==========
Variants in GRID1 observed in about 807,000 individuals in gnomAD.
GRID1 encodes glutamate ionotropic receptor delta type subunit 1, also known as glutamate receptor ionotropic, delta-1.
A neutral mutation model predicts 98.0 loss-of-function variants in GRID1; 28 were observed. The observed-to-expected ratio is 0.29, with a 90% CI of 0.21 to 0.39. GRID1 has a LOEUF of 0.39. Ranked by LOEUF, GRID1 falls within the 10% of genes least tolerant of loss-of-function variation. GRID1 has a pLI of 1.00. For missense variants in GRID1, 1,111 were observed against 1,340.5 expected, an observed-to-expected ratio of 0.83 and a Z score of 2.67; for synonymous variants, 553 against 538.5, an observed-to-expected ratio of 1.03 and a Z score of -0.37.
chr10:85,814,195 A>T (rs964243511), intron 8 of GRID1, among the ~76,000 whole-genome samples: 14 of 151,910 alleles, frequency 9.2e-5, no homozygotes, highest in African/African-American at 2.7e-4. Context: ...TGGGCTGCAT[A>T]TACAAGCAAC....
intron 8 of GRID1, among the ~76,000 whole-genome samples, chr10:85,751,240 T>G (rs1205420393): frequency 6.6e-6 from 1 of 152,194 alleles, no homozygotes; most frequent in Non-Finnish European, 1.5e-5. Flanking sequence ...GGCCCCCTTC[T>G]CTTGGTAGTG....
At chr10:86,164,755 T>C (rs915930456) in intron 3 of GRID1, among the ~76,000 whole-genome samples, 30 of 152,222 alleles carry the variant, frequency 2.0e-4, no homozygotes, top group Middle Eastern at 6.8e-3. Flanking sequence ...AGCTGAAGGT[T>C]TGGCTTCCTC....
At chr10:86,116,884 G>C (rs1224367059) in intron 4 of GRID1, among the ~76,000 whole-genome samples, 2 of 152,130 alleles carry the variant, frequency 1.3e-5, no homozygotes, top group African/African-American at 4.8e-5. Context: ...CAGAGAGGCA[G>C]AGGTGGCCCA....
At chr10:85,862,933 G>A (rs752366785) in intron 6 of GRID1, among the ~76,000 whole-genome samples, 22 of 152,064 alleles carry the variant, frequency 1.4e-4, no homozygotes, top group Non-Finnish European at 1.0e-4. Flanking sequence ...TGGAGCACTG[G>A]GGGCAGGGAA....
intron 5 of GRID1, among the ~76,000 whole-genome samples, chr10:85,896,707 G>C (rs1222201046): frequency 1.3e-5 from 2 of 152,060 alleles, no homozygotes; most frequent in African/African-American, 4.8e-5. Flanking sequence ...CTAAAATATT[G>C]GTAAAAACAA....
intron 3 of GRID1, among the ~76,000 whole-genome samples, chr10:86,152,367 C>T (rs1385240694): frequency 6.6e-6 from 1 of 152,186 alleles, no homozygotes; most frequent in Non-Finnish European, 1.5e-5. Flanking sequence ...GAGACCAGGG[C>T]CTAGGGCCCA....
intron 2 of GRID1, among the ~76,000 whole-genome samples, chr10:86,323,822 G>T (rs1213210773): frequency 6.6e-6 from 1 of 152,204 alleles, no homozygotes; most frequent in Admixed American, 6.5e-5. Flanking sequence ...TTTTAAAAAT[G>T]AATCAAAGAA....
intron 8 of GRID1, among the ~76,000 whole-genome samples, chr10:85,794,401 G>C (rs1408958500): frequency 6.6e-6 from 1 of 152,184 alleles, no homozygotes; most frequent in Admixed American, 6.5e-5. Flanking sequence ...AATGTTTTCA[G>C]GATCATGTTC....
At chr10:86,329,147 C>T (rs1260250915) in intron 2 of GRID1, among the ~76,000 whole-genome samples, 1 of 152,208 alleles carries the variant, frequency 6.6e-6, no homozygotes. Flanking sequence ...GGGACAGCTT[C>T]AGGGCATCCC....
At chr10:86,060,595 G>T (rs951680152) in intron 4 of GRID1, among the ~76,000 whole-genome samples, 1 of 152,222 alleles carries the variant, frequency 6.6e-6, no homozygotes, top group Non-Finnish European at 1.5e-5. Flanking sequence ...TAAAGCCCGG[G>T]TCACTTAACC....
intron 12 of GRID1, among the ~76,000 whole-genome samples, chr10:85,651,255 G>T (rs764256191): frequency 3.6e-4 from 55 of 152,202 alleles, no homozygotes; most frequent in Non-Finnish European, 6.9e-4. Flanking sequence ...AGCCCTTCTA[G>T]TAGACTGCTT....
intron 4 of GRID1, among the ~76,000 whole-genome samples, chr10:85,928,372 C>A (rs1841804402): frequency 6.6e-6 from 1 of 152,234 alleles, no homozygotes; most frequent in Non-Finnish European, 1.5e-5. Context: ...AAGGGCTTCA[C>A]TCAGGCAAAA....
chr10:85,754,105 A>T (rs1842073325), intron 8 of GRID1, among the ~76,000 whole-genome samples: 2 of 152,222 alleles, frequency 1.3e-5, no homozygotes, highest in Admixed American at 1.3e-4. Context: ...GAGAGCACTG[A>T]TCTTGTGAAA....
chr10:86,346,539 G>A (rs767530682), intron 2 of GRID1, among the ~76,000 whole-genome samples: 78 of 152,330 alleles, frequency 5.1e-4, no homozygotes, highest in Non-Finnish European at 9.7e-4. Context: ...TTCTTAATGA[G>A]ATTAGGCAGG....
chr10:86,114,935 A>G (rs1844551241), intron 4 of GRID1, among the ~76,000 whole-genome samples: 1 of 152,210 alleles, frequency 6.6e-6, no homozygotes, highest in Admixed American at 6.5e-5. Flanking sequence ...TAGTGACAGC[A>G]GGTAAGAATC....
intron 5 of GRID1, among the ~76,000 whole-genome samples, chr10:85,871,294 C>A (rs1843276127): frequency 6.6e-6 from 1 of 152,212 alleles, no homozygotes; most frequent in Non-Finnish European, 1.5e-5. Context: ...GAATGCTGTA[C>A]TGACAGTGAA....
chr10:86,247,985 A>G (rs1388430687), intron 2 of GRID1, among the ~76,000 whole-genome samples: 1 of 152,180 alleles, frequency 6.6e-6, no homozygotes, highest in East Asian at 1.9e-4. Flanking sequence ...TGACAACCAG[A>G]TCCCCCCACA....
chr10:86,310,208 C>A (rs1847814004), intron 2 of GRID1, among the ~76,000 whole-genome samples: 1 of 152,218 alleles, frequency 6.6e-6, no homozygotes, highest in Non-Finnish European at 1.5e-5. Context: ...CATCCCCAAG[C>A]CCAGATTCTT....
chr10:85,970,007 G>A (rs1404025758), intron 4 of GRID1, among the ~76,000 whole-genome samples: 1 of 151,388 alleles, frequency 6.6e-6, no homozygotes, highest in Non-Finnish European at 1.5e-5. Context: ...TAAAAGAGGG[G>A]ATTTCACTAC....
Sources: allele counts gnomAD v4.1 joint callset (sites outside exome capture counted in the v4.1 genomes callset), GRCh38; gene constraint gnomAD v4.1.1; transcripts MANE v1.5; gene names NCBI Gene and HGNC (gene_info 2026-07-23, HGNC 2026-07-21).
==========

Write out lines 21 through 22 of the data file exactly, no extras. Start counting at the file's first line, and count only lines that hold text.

chr10:86,247,985 A>G (rs1388430687), intron 2 of GRID1, among the ~76,000 whole-genome samples: 1 of 152,180 alleles, frequency 6.6e-6, no homozygotes, highest in East Asian at 1.9e-4. Flanking sequence ...TGACAACCAG[A>G]TCCCCCCACA....
chr10:86,310,208 C>A (rs1847814004), intron 2 of GRID1, among the ~76,000 whole-genome samples: 1 of 152,218 alleles, frequency 6.6e-6, no homozygotes, highest in Non-Finnish European at 1.5e-5. Context: ...CATCCCCAAG[C>A]CCAGATTCTT....